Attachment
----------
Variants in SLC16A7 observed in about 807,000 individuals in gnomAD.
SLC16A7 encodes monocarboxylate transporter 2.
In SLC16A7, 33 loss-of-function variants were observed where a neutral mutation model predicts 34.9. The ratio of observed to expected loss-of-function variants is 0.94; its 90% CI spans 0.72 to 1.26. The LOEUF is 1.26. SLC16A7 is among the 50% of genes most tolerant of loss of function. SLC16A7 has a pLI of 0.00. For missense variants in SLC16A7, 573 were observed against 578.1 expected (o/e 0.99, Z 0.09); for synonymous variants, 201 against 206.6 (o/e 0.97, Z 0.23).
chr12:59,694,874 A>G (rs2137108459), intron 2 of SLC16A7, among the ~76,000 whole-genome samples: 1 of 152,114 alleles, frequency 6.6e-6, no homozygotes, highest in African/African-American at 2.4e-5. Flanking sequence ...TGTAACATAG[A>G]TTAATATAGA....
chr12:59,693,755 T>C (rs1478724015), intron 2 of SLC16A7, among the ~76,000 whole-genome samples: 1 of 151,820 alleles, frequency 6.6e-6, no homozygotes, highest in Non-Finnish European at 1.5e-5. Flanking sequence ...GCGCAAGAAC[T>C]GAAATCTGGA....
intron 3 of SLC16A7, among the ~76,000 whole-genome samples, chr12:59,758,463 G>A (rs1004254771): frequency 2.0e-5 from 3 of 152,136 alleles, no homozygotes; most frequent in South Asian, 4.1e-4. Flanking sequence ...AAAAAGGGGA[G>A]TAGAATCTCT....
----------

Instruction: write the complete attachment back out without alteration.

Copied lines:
Variants in SLC16A7 observed in about 807,000 individuals in gnomAD.
SLC16A7 encodes monocarboxylate transporter 2.
In SLC16A7, 33 loss-of-function variants were observed where a neutral mutation model predicts 34.9. The ratio of observed to expected loss-of-function variants is 0.94; its 90% CI spans 0.72 to 1.26. The LOEUF is 1.26. SLC16A7 is among the 50% of genes most tolerant of loss of function. SLC16A7 has a pLI of 0.00. For missense variants in SLC16A7, 573 were observed against 578.1 expected (o/e 0.99, Z 0.09); for synonymous variants, 201 against 206.6 (o/e 0.97, Z 0.23).
chr12:59,694,874 A>G (rs2137108459), intron 2 of SLC16A7, among the ~76,000 whole-genome samples: 1 of 152,114 alleles, frequency 6.6e-6, no homozygotes, highest in African/African-American at 2.4e-5. Flanking sequence ...TGTAACATAG[A>G]TTAATATAGA....
chr12:59,693,755 T>C (rs1478724015), intron 2 of SLC16A7, among the ~76,000 whole-genome samples: 1 of 151,820 alleles, frequency 6.6e-6, no homozygotes, highest in Non-Finnish European at 1.5e-5. Flanking sequence ...GCGCAAGAAC[T>C]GAAATCTGGA....
intron 3 of SLC16A7, among the ~76,000 whole-genome samples, chr12:59,758,463 G>A (rs1004254771): frequency 2.0e-5 from 3 of 152,136 alleles, no homozygotes; most frequent in South Asian, 4.1e-4. Flanking sequence ...AAAAAGGGGA[G>A]TAGAATCTCT....